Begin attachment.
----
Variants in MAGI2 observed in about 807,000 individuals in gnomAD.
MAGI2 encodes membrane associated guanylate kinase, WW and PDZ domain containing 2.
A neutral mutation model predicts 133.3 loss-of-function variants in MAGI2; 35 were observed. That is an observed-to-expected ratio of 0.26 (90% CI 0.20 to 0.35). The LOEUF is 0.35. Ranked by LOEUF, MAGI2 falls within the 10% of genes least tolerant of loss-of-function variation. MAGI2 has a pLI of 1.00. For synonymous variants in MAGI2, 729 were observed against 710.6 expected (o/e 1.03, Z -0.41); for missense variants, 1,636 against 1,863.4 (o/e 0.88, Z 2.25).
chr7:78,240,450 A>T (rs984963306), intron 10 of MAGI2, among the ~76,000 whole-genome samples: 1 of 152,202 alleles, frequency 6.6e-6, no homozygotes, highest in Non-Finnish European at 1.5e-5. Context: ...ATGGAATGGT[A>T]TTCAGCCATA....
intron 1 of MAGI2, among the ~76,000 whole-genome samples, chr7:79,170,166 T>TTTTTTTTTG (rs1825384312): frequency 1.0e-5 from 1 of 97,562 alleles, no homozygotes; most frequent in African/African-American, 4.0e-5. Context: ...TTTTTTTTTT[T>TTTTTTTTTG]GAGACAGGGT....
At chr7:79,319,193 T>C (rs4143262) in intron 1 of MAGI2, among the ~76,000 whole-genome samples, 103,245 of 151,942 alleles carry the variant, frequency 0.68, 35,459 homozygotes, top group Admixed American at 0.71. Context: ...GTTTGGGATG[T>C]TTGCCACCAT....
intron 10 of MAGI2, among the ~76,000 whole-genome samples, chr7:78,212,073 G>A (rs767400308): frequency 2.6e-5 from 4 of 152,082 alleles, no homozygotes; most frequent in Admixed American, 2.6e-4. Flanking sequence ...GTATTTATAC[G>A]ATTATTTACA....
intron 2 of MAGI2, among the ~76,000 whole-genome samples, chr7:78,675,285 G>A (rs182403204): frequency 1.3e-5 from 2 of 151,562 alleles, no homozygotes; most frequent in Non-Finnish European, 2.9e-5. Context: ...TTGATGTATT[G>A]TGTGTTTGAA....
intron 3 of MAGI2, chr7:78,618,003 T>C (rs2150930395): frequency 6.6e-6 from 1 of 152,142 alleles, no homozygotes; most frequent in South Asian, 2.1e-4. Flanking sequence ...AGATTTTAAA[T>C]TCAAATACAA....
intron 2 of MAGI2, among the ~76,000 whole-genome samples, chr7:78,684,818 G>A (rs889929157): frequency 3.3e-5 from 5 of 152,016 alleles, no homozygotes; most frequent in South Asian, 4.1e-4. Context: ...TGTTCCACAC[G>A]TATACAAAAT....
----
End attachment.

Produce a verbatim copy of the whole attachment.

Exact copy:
Variants in MAGI2 observed in about 807,000 individuals in gnomAD.
MAGI2 encodes membrane associated guanylate kinase, WW and PDZ domain containing 2.
A neutral mutation model predicts 133.3 loss-of-function variants in MAGI2; 35 were observed. That is an observed-to-expected ratio of 0.26 (90% CI 0.20 to 0.35). The LOEUF is 0.35. Ranked by LOEUF, MAGI2 falls within the 10% of genes least tolerant of loss-of-function variation. MAGI2 has a pLI of 1.00. For synonymous variants in MAGI2, 729 were observed against 710.6 expected (o/e 1.03, Z -0.41); for missense variants, 1,636 against 1,863.4 (o/e 0.88, Z 2.25).
chr7:78,240,450 A>T (rs984963306), intron 10 of MAGI2, among the ~76,000 whole-genome samples: 1 of 152,202 alleles, frequency 6.6e-6, no homozygotes, highest in Non-Finnish European at 1.5e-5. Context: ...ATGGAATGGT[A>T]TTCAGCCATA....
intron 1 of MAGI2, among the ~76,000 whole-genome samples, chr7:79,170,166 T>TTTTTTTTTG (rs1825384312): frequency 1.0e-5 from 1 of 97,562 alleles, no homozygotes; most frequent in African/African-American, 4.0e-5. Context: ...TTTTTTTTTT[T>TTTTTTTTTG]GAGACAGGGT....
At chr7:79,319,193 T>C (rs4143262) in intron 1 of MAGI2, among the ~76,000 whole-genome samples, 103,245 of 151,942 alleles carry the variant, frequency 0.68, 35,459 homozygotes, top group Admixed American at 0.71. Context: ...GTTTGGGATG[T>C]TTGCCACCAT....
intron 10 of MAGI2, among the ~76,000 whole-genome samples, chr7:78,212,073 G>A (rs767400308): frequency 2.6e-5 from 4 of 152,082 alleles, no homozygotes; most frequent in Admixed American, 2.6e-4. Flanking sequence ...GTATTTATAC[G>A]ATTATTTACA....
intron 2 of MAGI2, among the ~76,000 whole-genome samples, chr7:78,675,285 G>A (rs182403204): frequency 1.3e-5 from 2 of 151,562 alleles, no homozygotes; most frequent in Non-Finnish European, 2.9e-5. Context: ...TTGATGTATT[G>A]TGTGTTTGAA....
intron 3 of MAGI2, chr7:78,618,003 T>C (rs2150930395): frequency 6.6e-6 from 1 of 152,142 alleles, no homozygotes; most frequent in South Asian, 2.1e-4. Flanking sequence ...AGATTTTAAA[T>C]TCAAATACAA....
intron 2 of MAGI2, among the ~76,000 whole-genome samples, chr7:78,684,818 G>A (rs889929157): frequency 3.3e-5 from 5 of 152,016 alleles, no homozygotes; most frequent in South Asian, 4.1e-4. Context: ...TGTTCCACAC[G>A]TATACAAAAT....